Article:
I’ve heard the book/movie referenced often enough that I wanted to give it a try. I had so few preconceptions about the story that I assumed that it was a nautical tale from the title. The myths were my favorite part of the book, to the point that I was always disappointed when one of the myths ended–the real-world stuff was interesting enough, but paled next to the myths for me. Overall I’d recommend it, especially if you like to get references to classic literature, since this one does seem to come up pretty regularly. It’s a compelling tale of survival.
Minit is a puzzle adventure game with a very short time limit published by Devolver Digital in April 2018.
The story begins as the duckbilled protagonist finds a sword lying on a beach. But it turns out to be a cursed sword that will kill the holder one minute after finding it, only to be spawned back at his house only to repeat again and again and again! Apparently these cursed swords are being produced at a local factory, so you need to go find the factory and complain. Which wouldn’t be so hard, if you didn’t respawn every minute. Minit is an incremental problem solver, where for each incarnation you have a minute to try to make some kind of progress, find a new item, find a new friend who might give you a clue, open a new shortcut to save you time next time. Where the trend is always bigger bigger bigger, bigger world to explore, larger and larger map, it’s an interesting take to head in the other direction. The game is fun, has a good sense of humor and the minute limit keeps everything pretty fast-paced.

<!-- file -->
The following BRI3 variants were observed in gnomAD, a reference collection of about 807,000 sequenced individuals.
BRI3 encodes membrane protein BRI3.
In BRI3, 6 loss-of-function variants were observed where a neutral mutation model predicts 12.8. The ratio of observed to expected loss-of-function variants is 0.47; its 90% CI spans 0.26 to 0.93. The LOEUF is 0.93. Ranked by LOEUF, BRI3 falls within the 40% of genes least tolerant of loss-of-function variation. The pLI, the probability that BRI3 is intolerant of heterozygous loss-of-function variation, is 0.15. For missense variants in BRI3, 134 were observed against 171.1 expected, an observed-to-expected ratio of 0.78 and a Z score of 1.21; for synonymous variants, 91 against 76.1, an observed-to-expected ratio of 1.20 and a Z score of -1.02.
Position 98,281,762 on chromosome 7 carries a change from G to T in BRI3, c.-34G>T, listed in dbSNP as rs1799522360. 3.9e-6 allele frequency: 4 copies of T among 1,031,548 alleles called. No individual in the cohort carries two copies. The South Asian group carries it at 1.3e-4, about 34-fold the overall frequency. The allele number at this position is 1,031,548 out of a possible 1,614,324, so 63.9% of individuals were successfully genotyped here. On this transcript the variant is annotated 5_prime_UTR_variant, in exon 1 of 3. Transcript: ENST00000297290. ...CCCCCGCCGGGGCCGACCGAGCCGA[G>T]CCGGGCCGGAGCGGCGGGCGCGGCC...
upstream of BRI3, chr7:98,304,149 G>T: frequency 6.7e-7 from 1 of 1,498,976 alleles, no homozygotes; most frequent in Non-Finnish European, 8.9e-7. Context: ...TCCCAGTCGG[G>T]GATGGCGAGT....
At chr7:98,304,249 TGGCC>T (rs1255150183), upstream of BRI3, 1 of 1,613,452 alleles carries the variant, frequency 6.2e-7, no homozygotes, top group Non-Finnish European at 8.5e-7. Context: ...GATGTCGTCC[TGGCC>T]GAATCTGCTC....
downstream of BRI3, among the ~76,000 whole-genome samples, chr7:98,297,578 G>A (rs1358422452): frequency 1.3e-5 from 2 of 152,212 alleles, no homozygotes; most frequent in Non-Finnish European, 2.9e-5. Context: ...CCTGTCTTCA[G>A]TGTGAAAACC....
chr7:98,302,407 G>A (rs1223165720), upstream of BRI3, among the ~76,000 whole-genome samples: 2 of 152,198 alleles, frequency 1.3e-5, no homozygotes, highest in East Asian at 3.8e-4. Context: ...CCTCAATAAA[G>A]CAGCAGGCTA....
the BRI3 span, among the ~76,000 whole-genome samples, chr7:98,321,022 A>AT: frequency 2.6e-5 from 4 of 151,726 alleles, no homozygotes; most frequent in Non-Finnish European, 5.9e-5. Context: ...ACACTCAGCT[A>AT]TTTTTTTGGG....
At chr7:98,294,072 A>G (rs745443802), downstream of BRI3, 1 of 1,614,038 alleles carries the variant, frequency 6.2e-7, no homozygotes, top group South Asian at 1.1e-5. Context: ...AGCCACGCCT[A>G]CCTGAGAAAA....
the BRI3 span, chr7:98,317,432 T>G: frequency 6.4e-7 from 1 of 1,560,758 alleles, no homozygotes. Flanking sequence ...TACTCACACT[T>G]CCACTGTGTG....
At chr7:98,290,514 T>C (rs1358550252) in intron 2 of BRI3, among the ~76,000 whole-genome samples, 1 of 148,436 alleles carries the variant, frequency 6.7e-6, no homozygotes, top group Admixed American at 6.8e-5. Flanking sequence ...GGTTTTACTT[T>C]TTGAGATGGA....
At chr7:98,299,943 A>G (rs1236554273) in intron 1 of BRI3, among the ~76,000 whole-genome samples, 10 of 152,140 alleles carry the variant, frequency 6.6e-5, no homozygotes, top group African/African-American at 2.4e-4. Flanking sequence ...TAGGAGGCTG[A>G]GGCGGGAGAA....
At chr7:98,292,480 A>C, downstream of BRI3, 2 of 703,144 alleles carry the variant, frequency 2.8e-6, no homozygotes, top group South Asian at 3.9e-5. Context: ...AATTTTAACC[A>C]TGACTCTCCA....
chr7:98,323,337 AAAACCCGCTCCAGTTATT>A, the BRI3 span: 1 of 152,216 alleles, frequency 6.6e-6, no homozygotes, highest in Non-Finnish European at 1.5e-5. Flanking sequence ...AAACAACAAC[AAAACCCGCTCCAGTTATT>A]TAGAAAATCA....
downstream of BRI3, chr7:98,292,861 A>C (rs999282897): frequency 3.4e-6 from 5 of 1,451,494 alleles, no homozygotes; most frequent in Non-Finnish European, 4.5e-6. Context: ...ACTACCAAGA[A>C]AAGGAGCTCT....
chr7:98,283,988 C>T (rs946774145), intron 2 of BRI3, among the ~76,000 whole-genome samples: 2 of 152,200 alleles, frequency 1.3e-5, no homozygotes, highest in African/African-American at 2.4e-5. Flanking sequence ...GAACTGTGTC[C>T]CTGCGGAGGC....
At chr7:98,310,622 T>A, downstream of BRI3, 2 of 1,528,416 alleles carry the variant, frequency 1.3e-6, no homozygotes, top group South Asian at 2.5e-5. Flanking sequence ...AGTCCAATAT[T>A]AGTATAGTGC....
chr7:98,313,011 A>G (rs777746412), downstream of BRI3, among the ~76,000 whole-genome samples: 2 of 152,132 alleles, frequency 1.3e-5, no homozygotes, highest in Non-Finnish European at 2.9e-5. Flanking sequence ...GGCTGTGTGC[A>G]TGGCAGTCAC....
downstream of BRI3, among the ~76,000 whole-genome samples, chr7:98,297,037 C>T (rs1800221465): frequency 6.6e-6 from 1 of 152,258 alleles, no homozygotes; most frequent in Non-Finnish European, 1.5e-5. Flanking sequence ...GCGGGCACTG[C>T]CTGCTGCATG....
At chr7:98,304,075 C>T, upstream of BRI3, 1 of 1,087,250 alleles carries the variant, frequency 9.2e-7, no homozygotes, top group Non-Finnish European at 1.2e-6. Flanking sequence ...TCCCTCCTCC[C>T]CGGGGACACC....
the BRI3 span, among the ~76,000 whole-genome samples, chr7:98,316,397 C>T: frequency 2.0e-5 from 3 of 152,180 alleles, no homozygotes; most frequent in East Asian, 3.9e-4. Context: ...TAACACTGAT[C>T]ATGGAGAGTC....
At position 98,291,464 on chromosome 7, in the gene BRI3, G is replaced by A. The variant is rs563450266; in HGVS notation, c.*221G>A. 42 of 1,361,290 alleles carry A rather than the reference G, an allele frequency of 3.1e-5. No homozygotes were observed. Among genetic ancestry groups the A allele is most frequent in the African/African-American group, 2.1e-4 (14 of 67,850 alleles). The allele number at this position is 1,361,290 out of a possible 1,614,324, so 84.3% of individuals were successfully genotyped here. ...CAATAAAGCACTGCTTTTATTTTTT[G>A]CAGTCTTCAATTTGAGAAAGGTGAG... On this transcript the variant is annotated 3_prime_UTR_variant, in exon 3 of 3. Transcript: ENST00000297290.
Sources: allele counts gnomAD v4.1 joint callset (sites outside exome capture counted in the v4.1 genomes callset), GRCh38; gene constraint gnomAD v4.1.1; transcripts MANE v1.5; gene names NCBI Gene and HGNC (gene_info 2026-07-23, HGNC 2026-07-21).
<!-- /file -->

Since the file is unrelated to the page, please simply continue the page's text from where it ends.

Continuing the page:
Very minimalist, down to being strictly black and white (not even gray). Cute graphics, but not complex at all.
Likewise, extremely simple.
Challenge Low to medium level of challenge. Persistent players should be able to make their way through just by relentless exploring. There are a couple parts where you have to fight against multiple enemies–you can make it easier if you can find some heart containers first, but it shouldn’t be too hard for most gamers.
Story Quite light on story, just enough to justify the scenario (with the cursed sword) and the quest (to resolve the issue at the sword factory).
Session Time Very short! A maximum of a minute, in fact, as you will die at a minute anyway and restart from a house. This does make it a very easy game to pick up even if your time is scattered.
Playability Very simple controls, generally just arrow keys and attack, so very easy to pick up, and to understand the scenario.
Replayability There are various collectibles, like coins and hearts and other items. I finished the game only finding about half of them, so you could keep playing if you wanted to find them all.
Originality The overall story and style is similar to other games, but the interesting tweak here of the 1 minute time limit is an interesting twist on the concept, and was the main thing that made me pick it up.
Playtime I finished the main quest of the game in about three hours. I haven’t tried to find all the collectibles, so I don’t know how long that would take.
Overall It’s a fun and simple idea for a game that doesn’t take a lot of skill or attention, and has wonderfully short play sessions to make it easy for people who game in scattered spare time. Worth the time to play through it, but don’t expect it to last you a long time. $10 on Steam.